The functional neural architecture of components of attention in language-processing tasks.

Shaywitz BA, Shaywitz SE, Pugh KR, Fulbright RK, Skudlarski P, Mencl WE, Constable RT, Marchione KE, Fletcher JM, Klorman R, Lacadie C, Gore JC
Neuroimage. 2001 13 (4): 601-12

PMID: 11305889 · DOI:10.1006/nimg.2000.0726

Using functional magnetic resonance imaging we examined three important dimensions of attentional control (selective attention, divided attention, and executive function) in 25 neurologically normal, right-handed men and women, using tasks involving the perception and processing of printed words, spoken words, or both. In the context of language-processing manipulations: selective attention resulted in increased activation at left hemisphere parietal sites as well as at inferior frontal sites, divided attention resulted in additional increases in activation at these same left hemisphere sites and was also uniquely associated with increased activation of homologous sites in the right hemisphere, and executive function (measured during a complex task requiring sequential decision-making) resulted in increased activation at frontal sites relative to all other conditions. Our findings provide support for the belief that specific functional aspects of attentional control in language processing involve widely distributed but distinctive cortical systems, with mechanisms associated with the control of perceptual selectivity involving primarily parietal and inferior frontal sites and executive function engaging specific sites in frontal cortex.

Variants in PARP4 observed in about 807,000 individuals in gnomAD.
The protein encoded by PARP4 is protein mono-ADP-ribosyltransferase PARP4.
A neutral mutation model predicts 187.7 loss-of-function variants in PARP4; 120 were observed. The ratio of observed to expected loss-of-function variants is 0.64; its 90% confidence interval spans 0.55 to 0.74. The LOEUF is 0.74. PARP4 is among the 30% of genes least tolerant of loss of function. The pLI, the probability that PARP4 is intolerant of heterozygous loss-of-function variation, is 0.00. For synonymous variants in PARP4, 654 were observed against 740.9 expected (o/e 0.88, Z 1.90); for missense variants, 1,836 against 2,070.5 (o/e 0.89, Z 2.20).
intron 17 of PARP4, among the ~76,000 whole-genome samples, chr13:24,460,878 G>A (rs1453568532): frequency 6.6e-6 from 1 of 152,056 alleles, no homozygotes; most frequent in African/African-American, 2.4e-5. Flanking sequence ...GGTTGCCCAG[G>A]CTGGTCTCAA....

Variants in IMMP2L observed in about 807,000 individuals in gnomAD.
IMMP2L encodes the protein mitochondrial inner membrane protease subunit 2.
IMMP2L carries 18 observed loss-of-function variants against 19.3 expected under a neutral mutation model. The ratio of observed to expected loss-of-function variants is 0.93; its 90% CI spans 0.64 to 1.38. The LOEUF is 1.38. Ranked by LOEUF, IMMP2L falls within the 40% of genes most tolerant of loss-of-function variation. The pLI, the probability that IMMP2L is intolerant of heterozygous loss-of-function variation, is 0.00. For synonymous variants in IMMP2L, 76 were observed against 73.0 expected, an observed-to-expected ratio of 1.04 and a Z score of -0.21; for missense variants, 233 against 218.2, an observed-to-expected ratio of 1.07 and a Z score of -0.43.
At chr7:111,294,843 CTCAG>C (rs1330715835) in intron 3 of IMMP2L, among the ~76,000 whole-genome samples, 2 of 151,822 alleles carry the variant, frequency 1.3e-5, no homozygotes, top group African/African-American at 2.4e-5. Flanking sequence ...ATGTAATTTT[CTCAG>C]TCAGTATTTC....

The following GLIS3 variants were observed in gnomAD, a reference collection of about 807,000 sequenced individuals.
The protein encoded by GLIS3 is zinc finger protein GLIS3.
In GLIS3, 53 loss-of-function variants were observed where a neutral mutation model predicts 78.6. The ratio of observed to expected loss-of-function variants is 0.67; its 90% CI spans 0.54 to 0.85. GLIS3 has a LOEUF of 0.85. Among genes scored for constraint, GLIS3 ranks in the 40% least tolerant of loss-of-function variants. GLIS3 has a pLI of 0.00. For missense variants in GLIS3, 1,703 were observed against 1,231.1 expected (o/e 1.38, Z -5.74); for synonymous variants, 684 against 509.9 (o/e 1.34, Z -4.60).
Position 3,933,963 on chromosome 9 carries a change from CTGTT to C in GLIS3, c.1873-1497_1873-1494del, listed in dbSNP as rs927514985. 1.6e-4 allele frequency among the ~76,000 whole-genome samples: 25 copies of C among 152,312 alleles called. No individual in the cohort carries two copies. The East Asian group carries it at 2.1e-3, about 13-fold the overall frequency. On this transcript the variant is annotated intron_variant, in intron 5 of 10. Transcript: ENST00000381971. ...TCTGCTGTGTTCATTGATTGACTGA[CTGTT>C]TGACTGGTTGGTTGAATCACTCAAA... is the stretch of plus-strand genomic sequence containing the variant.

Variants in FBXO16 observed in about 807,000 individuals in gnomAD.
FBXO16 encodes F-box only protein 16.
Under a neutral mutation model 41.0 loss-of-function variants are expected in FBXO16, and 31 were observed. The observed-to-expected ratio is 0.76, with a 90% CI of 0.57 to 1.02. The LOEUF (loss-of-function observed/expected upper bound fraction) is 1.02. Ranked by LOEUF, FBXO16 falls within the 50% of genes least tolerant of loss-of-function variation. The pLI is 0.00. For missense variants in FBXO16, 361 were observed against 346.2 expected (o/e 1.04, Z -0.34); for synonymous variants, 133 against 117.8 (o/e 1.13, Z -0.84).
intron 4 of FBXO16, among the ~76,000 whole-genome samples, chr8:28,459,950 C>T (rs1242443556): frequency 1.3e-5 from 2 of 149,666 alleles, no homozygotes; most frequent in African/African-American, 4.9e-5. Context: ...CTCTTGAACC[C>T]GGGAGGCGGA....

Copyright 2001 Academic Press.

MeSH Terms (12)

Adult Attention Brain Brain Mapping Female Humans Language Magnetic Resonance Imaging Male Reaction Time Reference Values Verbal Behavior

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